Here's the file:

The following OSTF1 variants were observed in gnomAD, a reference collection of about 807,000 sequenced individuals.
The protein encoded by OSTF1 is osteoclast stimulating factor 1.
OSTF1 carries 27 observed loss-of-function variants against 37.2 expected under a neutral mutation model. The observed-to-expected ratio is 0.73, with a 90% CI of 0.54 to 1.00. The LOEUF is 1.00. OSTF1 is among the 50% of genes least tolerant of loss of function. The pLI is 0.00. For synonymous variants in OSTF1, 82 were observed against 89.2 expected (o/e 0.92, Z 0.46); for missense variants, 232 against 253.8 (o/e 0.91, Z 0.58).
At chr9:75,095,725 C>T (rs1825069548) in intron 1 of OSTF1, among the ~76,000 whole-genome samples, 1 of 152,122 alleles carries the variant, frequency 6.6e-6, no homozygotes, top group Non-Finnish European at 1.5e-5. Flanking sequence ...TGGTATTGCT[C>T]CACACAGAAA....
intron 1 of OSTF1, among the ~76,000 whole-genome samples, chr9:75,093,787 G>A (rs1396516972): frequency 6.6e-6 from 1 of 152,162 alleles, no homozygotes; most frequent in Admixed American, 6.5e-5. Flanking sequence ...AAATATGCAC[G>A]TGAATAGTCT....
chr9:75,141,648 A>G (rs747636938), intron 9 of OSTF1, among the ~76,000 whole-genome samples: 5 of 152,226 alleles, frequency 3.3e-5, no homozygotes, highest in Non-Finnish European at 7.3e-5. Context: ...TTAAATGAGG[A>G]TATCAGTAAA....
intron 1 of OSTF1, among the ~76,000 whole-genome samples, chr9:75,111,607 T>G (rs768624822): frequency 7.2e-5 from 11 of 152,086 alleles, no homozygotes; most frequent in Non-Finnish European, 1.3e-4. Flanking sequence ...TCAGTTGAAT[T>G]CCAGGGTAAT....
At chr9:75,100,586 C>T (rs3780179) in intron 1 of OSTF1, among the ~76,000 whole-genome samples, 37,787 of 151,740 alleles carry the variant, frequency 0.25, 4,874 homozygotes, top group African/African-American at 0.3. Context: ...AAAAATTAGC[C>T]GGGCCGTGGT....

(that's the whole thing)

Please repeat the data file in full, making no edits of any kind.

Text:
The following OSTF1 variants were observed in gnomAD, a reference collection of about 807,000 sequenced individuals.
The protein encoded by OSTF1 is osteoclast stimulating factor 1.
OSTF1 carries 27 observed loss-of-function variants against 37.2 expected under a neutral mutation model. The observed-to-expected ratio is 0.73, with a 90% CI of 0.54 to 1.00. The LOEUF is 1.00. OSTF1 is among the 50% of genes least tolerant of loss of function. The pLI is 0.00. For synonymous variants in OSTF1, 82 were observed against 89.2 expected (o/e 0.92, Z 0.46); for missense variants, 232 against 253.8 (o/e 0.91, Z 0.58).
At chr9:75,095,725 C>T (rs1825069548) in intron 1 of OSTF1, among the ~76,000 whole-genome samples, 1 of 152,122 alleles carries the variant, frequency 6.6e-6, no homozygotes, top group Non-Finnish European at 1.5e-5. Flanking sequence ...TGGTATTGCT[C>T]CACACAGAAA....
intron 1 of OSTF1, among the ~76,000 whole-genome samples, chr9:75,093,787 G>A (rs1396516972): frequency 6.6e-6 from 1 of 152,162 alleles, no homozygotes; most frequent in Admixed American, 6.5e-5. Flanking sequence ...AAATATGCAC[G>A]TGAATAGTCT....
chr9:75,141,648 A>G (rs747636938), intron 9 of OSTF1, among the ~76,000 whole-genome samples: 5 of 152,226 alleles, frequency 3.3e-5, no homozygotes, highest in Non-Finnish European at 7.3e-5. Context: ...TTAAATGAGG[A>G]TATCAGTAAA....
intron 1 of OSTF1, among the ~76,000 whole-genome samples, chr9:75,111,607 T>G (rs768624822): frequency 7.2e-5 from 11 of 152,086 alleles, no homozygotes; most frequent in Non-Finnish European, 1.3e-4. Flanking sequence ...TCAGTTGAAT[T>G]CCAGGGTAAT....
At chr9:75,100,586 C>T (rs3780179) in intron 1 of OSTF1, among the ~76,000 whole-genome samples, 37,787 of 151,740 alleles carry the variant, frequency 0.25, 4,874 homozygotes, top group African/African-American at 0.3. Context: ...AAAAATTAGC[C>T]GGGCCGTGGT....